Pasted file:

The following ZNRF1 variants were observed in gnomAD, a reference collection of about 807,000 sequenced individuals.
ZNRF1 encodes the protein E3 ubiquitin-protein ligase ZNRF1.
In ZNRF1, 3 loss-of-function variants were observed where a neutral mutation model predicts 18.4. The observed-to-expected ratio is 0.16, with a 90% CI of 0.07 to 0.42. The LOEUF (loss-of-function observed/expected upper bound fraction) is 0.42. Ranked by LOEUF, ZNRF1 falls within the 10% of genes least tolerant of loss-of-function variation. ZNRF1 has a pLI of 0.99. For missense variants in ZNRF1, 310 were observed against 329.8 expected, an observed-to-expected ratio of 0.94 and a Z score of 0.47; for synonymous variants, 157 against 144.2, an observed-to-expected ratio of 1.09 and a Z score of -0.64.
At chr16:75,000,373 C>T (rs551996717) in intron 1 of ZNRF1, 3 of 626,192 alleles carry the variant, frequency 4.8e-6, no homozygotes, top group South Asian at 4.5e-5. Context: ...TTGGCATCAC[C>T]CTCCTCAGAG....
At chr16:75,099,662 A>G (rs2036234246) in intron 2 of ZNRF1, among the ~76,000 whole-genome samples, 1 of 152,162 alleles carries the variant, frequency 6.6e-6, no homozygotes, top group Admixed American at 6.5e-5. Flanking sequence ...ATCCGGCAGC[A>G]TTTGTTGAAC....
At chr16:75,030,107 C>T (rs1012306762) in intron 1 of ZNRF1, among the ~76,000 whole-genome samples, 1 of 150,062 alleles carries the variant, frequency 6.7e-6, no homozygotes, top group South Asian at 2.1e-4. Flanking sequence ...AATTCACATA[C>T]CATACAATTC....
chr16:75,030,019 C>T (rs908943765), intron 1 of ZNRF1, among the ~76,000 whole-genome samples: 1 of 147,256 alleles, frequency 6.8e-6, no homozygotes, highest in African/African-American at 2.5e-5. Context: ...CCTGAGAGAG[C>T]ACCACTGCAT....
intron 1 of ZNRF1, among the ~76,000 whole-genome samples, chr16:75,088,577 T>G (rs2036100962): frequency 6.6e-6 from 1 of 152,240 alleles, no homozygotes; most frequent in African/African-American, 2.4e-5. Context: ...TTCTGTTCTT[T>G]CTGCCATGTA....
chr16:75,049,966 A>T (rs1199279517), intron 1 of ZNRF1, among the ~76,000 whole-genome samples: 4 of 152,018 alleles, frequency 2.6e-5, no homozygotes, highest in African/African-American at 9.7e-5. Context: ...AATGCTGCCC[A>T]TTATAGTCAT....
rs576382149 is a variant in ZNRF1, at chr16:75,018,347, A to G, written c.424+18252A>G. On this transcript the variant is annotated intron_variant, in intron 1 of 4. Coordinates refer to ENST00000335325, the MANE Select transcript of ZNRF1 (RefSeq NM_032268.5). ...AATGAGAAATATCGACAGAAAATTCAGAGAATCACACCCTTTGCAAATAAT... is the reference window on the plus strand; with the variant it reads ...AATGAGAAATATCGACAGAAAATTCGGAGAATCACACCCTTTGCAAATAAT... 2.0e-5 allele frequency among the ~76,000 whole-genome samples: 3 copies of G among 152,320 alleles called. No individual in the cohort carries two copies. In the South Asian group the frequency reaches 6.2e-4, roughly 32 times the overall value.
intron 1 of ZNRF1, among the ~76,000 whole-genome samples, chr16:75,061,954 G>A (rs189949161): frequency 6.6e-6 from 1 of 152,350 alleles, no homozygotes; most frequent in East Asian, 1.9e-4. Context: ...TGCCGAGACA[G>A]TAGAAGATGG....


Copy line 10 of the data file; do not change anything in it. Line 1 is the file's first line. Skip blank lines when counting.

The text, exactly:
rs576382149 is a variant in ZNRF1, at chr16:75,018,347, A to G, written c.424+18252A>G. On this transcript the variant is annotated intron_variant, in intron 1 of 4. Coordinates refer to ENST00000335325, the MANE Select transcript of ZNRF1 (RefSeq NM_032268.5). ...AATGAGAAATATCGACAGAAAATTCAGAGAATCACACCCTTTGCAAATAAT... is the reference window on the plus strand; with the variant it reads ...AATGAGAAATATCGACAGAAAATTCGGAGAATCACACCCTTTGCAAATAAT... 2.0e-5 allele frequency among the ~76,000 whole-genome samples: 3 copies of G among 152,320 alleles called. No individual in the cohort carries two copies. In the South Asian group the frequency reaches 6.2e-4, roughly 32 times the overall value.